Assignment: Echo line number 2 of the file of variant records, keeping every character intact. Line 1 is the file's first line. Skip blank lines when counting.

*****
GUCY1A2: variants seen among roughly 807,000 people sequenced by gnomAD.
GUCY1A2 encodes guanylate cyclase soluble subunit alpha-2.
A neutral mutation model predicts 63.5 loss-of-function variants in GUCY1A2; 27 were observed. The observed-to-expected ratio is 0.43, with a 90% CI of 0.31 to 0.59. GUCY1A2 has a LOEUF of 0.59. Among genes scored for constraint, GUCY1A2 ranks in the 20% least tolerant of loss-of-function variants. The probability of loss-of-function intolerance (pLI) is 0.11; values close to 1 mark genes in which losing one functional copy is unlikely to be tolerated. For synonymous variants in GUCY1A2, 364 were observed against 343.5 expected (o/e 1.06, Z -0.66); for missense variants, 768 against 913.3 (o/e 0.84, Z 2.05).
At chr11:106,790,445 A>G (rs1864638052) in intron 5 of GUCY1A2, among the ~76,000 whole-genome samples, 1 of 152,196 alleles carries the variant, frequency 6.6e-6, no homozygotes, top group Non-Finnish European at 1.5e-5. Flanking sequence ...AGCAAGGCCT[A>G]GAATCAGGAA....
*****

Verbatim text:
GUCY1A2 encodes guanylate cyclase soluble subunit alpha-2.